C:\Users\victor's\Documents\Sunday March 3rd 2019\Mercy\how to write a press release\image in press release - WRC Spain ŠKODA.png

The graphics and video in your content can even increase social shares, which mean greater exposure of your content.

However, the most crucial part is how you write.

Follow these useful tips:

  • Use a professional voice.
  • Write in the third person.
  • Write a story related to the perspectives and concerns of your readers.
  • Keep it short, at about 400-500 words or one page.
  • Eliminate all unnecessary words, to deliver a clear and concise message.
  • Eliminate adjectives – stop trying to make your story colorful.
  • Keep it objective by avoiding any biased reporting.
  • No jargon.

Ultimately, you should proofread and thoroughly edit your story before sending it out.

Write a Compelling Last Paragraph

Don’t waste the last words of your story.

If someone reads your story to the very end, that person is likely captivated by what you have to say. Don’t leave that person hanging by ending the story abruptly without suggesting any step of action to take.

If you’re talking about a product launch, mention where it can be found.

Perhaps you talked about an event, won’t the reader be interested in finding out if you’ll have another event in future?

Give Your Company Details in the Boilerplate

As a business person, you need to know the art of handing out your business card at every possible opportunity. You never know where you’ll get clients. Your press release could be that place.

With a press release, you should put in a bit more detail than merely your contact details.

You need to give a bit of detail of what your business does, which will give your story even more relevance. It’s a vital piece of information that media guys use to tell a story around your press release.

Do this on the boilerplate section at the very end, as seen in Peapod’s press release:

C:\Users\victor's\Documents\Sunday March 3rd 2019\Mercy\how to write a press release\press release boilerplate Peapod.png

Include links to your company’s website or even social media profiles so anyone interested can contact you easily. If you cite data in your story, include reference links here to the data source.

Your email address and telephone number are valuable contact details for journalists to reach you for further information concerning your story. Ensure the contact details are all current and functioning.

Once you finish writing the press release, it’s always wise to get an impartial assessment from someone else. Being part of your business, you might easily overlook simple problems that can ruin your press release.

Find out if the story makes sense to someone who may not know much about you.

Once you get the critique of your content, make the necessary changes, and it will be ready for distribution.

Publishing Your Press Release

Although this part comes last, you should have it in mind during the writing process. The mode of distribution of the press release can influence the way you write your story.

For instance, if you’ll distribute the story through local media outlets, it has to have content that closely relates with your local community. Writing vague concepts that apply to global audiences won’t appeal to your local audience.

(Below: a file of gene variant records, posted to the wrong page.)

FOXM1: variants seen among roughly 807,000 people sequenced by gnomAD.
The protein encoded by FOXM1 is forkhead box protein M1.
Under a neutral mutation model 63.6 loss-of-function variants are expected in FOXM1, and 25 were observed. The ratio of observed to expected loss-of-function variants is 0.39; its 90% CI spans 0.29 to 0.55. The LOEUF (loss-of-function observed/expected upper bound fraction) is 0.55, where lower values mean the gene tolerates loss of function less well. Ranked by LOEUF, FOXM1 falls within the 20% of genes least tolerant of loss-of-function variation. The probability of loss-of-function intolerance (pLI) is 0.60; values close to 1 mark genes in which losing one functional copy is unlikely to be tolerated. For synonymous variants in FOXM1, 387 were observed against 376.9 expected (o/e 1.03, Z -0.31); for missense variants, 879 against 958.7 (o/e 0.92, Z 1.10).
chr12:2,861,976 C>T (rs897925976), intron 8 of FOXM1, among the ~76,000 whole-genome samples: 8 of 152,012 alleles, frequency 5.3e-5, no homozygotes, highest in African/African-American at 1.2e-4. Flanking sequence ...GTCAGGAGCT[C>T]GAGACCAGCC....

To effectively distribute your press release, take into consideration the easily accessible opportunities you have around you first before you approach third parties.

Your Company Assets

Your blog/ website can be the first place to publish your press release.

You can then share it with your social media followers and email subscribers.

This will work well if you have a large following. It will give you that much needed initial exposure before the story is published by media sites.

Target Specific Journalists

Sending your press release to a bunch of random journalists can be counterproductive.

It might end up on the desks or emails of journalists who have no experience covering your industry. They won’t be interested in your story, and it won’t get published.

Instead, look for specific journalists who understand and report on your industry.

Craft personalized emails to reach such journalists.

Contact Journalists the Day Before

Sending your press release under embargo (for publication at a specified time) can give journalists enough time to write their own story about your press release.

You can even make the press release exclusive to a particular journalist, so only that journalist has the privilege to report on the issue. This way, your story can get individual attention.

Go Offline and Follow Up

Since other press releases already flood journalists’ emails, you can take a different route to grab their attention.

Why not have yours delivered in person? Or use snail mail instead.

But sending your story is just the beginning.

You also need to follow up, to make sure the intended people received your message. Pick up the phone and call them. Or send a follow-up email.

Once your story gets published, don’t sit back just yet.

You can create more exposure by sharing the stories published in the news outlets.

But remember to avoid the pitfalls that can ruin your efforts.

Syndication is one thing you should avoid when distributing your press release. This only worked in the old days. Doing it in this era will just get you penalized by Google.

Start Writing Your Press Release

Understanding all these critical issues doesn’t help if you don’t actually start writing.

Just start writing your story. Make it enticing and fill it with all the information you think should fit in. Don’t worry about making it look great or correcting any mistakes. If you keep worrying about the errors, you’ll hardly write anything.

When you’ve finished writing your rough copy start editing it ruthlessly.

That’s how you’ll turn a meaningless rough draft into a super press release that will make journalists go gaga.

Have you written a press release for your company? What was your experience? Did it achieve the exposure you wanted?